Simplify Your Boudoir Photo Pricing and Increase Sales
June 28, 2022
Boudoir photographer and business coach Tanya Smith says that when she realized what her money goals were, then she was able to increase her prices. "I realized that yes, it's going to be more per client and I'm getting more no’s because my prices are higher, but I don't need as many yeses. And I only want to shoot one to two times a week.” (Scroll through to see examples of her boudoir work, starting with this image above.)
Your schedule is booked, your shoots are awesome, and your albums bring clients to tears. But when it comes to your finances, the struggle still feels pretty real. What gives? We asked Hamilton, Ontario–based photographer and business coach Tanya Smith to break down her boudoir photography pricing for us as her own boudoir photo business continues to flourish.
“My average sale now is a little over $5,000 per client,” she says. It wasn’t always that way. “I did what everybody does at the beginning,” she recalls, meaning she set her prices to match the competition. “I think they started at $500 or $600 for my lowest package, and everyone bought the lowest one. Then I tried to multiply the cost of my albums by three or four times. Then one person tell me I was too expensive, and I would lower my prices.”
What turned things around? “I was newly divorced, and I didn’t want to be a single mom working all the time and never seeing my kids,” she explains. Smith reviewed her costs, including not just the cost of goods like albums and overhead for space and staff, but also marketing and vacation time. Then she considered how much time she wanted to spend working.
“It was really eye opening,” she says, “because I realized: ‘Hey, these are my money goals. I can actually do this if I put my prices here. Yes, it’s going to be more per client and I’m getting more no’s because my prices are higher, but I don’t need as many yeses. I only want to shoot one to two times a week.” These days, she uses detailed spreadsheets to set her prices, but she says even a simple calculator can help you get started.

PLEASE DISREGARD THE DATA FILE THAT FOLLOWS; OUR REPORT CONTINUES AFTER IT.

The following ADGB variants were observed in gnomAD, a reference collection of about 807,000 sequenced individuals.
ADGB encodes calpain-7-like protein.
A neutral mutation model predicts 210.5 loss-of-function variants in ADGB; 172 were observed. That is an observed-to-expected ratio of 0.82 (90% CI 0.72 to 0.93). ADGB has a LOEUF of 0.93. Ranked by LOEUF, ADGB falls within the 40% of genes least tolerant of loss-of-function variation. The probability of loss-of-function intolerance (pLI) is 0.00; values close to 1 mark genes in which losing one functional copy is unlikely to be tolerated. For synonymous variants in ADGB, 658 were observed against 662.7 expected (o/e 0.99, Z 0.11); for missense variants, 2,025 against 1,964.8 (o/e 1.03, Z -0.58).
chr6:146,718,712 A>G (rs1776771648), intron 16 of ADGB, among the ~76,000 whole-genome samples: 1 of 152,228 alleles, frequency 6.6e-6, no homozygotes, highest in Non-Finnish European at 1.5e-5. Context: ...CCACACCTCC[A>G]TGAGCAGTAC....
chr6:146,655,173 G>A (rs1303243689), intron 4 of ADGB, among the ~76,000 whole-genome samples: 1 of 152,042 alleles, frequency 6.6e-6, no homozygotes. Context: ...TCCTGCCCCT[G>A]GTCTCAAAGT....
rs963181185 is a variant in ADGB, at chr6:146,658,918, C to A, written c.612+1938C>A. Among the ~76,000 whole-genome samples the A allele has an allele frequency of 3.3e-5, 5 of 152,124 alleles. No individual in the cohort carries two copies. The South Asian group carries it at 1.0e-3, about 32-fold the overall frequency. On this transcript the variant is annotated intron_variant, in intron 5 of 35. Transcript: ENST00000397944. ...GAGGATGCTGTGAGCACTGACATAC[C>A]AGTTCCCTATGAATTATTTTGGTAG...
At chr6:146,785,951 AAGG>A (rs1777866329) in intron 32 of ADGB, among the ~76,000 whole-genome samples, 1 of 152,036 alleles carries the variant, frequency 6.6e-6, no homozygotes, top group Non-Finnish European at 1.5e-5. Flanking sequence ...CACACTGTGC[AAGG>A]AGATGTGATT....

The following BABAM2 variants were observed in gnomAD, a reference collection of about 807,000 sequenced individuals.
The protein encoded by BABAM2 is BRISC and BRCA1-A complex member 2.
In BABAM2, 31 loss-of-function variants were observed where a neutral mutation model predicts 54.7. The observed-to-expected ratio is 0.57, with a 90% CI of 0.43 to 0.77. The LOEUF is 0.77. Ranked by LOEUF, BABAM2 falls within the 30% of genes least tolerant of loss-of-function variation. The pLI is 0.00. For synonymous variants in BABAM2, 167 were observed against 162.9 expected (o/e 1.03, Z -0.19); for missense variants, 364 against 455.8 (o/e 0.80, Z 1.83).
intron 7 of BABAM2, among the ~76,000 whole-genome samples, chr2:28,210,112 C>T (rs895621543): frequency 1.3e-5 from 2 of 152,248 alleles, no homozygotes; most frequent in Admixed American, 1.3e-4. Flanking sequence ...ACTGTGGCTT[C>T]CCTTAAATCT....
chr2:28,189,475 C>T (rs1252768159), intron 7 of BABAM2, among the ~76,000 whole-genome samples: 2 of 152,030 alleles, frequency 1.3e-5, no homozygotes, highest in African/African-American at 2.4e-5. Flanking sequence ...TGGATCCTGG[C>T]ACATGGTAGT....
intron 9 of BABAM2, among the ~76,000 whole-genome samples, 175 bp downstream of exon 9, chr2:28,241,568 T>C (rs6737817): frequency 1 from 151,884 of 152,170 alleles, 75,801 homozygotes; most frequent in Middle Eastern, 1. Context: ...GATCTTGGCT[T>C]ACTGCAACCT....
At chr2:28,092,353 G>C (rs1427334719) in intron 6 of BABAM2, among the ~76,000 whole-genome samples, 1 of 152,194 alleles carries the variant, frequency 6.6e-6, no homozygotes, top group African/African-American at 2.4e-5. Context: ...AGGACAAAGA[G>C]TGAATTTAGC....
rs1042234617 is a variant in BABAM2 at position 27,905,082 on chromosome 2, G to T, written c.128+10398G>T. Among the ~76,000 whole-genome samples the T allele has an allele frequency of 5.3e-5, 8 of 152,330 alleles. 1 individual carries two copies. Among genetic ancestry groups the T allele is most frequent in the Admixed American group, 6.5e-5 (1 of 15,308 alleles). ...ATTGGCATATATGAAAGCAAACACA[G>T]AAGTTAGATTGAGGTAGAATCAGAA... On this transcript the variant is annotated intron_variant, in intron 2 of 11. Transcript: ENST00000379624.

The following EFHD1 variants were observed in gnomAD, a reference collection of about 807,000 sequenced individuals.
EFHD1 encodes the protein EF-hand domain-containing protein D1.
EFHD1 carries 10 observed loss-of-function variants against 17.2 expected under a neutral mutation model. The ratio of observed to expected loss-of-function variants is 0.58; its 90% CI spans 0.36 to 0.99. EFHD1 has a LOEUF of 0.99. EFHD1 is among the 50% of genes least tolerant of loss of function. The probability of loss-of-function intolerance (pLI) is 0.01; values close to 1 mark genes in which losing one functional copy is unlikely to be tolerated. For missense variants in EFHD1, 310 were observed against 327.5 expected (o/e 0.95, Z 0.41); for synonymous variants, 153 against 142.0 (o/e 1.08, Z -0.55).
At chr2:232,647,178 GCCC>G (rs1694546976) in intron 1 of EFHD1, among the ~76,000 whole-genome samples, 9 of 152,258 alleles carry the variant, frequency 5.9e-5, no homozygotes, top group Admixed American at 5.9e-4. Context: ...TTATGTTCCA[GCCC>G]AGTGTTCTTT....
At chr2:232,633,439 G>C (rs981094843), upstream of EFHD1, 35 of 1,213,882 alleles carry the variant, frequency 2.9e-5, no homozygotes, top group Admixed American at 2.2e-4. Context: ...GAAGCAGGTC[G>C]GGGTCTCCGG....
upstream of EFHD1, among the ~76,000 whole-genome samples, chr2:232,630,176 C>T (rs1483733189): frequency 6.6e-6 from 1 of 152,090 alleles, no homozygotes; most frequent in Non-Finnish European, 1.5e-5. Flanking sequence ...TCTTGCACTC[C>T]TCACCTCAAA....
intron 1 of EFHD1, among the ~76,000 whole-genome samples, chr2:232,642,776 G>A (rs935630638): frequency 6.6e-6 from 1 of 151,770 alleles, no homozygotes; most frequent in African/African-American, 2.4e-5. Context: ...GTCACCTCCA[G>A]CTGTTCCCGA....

There’s one thing Smith doesn’t include in her calculations anymore: what the competition is charging. “I don’t know if the guy down the road is profitable or how much he’s working,” she points out. “You have to do your own numbers.”
Smith took another important step by simplifying her pricing: “I just charge per image,” she says. “If you want these 21 images, it costs you $3,200. Would you like that in an album or digitally? If you want both, you pay that price for the album, and then the digital images are an add-on. It’s $690 for the digital images, no matter how many you choose.”
She says simplifying her pricing made it much easier for her clients to make choices. “Once I did that, everything changed,” she says. “Now, my prices start at $1,690 and go up to $4,200 or more.” Smith recommends making sure that you’re charging enough for the package that has the highest cost of goods for you, and then stepping down from there.
Charging a fee instead of just throwing the digitals in for free also gives her an upselling strategy when clients are deciding between packages. She offers to include the digitals as a gift if they buy the pricier album. On the invoice, she includes the digital fee as a -$690 discount.
One of the most important changes Smith made didn’t require a calculator. “There’s something you have to get straight in your head,” she says. “I’m a business. I want to be profitable. I’m not doing this for charity, and I’m not going to take time away from my family, my kids, and the things I like to do by shooting basically for free. So part of the work is your mindset around accepting money and charging what you’re worth. And that part is probably the most difficult part.”
Editor’s Note: Prices mentioned here are in U.S. dollars. Smith advises students to charge and implement these these boudoir photography pricing whether they are in the U.S. or Canada. “Thinking that my prices need to be adjusted to reflect the currency exchange is a type of limiting belief that my success is only because I charge in Can dollars,” she explains. “The exchange rate fluctuates, but it should not have anything to do with how you price as a photographer (or businessperson in general). If you do your full CODB, you will know what you need to charge to be profitable and to reach your income goals.
Tanya Smith is an Ambassador for The Boudoir Album and uses the brand exclusively. She has been a women’s portrait photographer since 2011. With a background in corporate banking and sales, she is constantly on the hunt for how to better run a boudoir photography business. She has been mentoring and coaching other boudoir and portrait photographers since 2017. Here’s how you can learn more about her boudoir photography pricing and other business topics to keep your brand thriving:
Aimee Baldridge is a New York-based writer who covers the art, technology and business of photography and filmmaking.